By NEMS Daily Journal
For-profit charter schools put the shareholders first
The Senate wants to bring for-profit charter schools to Mississippi. For-profits claim to be about educating children, but the real goal is to rake in big profits for corporate shareholders. They have been such a disaster that other states have banned them.
The Senate charter bill has a loophole designed to appease for-profit lobbyists while duping Mississippians into believing that for-profits won’t be permitted. The loophole allows for-profit corporations to manage non-profit schools – and “manage” the funds – a practice not allowed in traditional public schools.
The House closed that loophole in its bill, but the rumor is that this piece might be sacrificed to keep the Senate from killing the bill. Call your legislators and tell them to keep for-profits from managing our schools, charter or otherwise.
Loden thanks community for orientation response
On behalf of our entire staff, I would like to thank the several hundred families who recently attended the orientations held in our schools. We had an amazing turnout in our Pre-K through 8th grades. We hope these events gave you a better glimpse of what TPSD has to offer and an opportunity to meet our dedicated staff. We are always honored to showcase the diverse resources available to our students.
If you did not have an opportunity to visit one of our schools and would like to schedule a personal tour, please email us at email@example.com and we will be glad to arrange one.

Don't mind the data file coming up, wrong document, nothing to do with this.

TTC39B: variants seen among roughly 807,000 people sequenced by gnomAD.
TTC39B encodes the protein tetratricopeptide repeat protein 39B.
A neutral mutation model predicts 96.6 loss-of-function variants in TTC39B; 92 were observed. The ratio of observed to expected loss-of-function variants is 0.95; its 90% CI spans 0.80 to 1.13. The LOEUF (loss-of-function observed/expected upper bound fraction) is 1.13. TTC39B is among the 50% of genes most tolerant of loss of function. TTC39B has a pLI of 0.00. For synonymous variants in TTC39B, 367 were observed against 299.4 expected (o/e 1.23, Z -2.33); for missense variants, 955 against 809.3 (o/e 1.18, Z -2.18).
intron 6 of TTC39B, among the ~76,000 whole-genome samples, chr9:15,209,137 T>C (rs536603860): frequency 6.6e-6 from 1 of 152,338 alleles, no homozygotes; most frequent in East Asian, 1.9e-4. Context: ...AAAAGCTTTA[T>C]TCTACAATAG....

We look forward to a fruitful and exciting year of learning in 2013-14.
Gearl Loden, Ph.D., Superintendent
Tupelo Public School District
Beware of proposal to cut Social Security
One of the worst ideas to surface in Washington lately – and that is saying something – is the proposal to cut Social Security benefits by changing the way the cost-of-living is calculated.
This plan, the so called “chained CPI,” is often portrayed as just a technical fix. In fact, it would cut our hard-earned Social Security benefits substantially, leaving us seniors with less protection against increasingly expensive health care, prescription drugs, and utilities. The only thing that is “cheap” is the talk of all the politicians who promised they would not cut Social Security benefits for current recipients.
The chained CPI breaks that pledge, cutting benefits for current seniors, and does it in a way that the longer we live, the more we lose.
In Mississippi, almost 600,000 of us are Social Security recipients. Of these, 33.9 percent rely on Social Security for 90 p[ercent or more of their income and 58.2 percent rely on Social Security for 50 percent or more of their income.
The CPI already fails to take into account that seniors spend more on health care, which is rising much faster than overall prices. And this proposal assumes, wrongly, that when prices go up, seniors can simply plug in a less expensive substitute. But seniors spend much of our money on basics such as drugs, utilities, and health care, which don’t have lower cost substitutes.
A chained CPI is out-of-touch with our daily lives. Let’s keep it out of the law.
Bruce W. Brice, Sr.
AARP Mississippi State President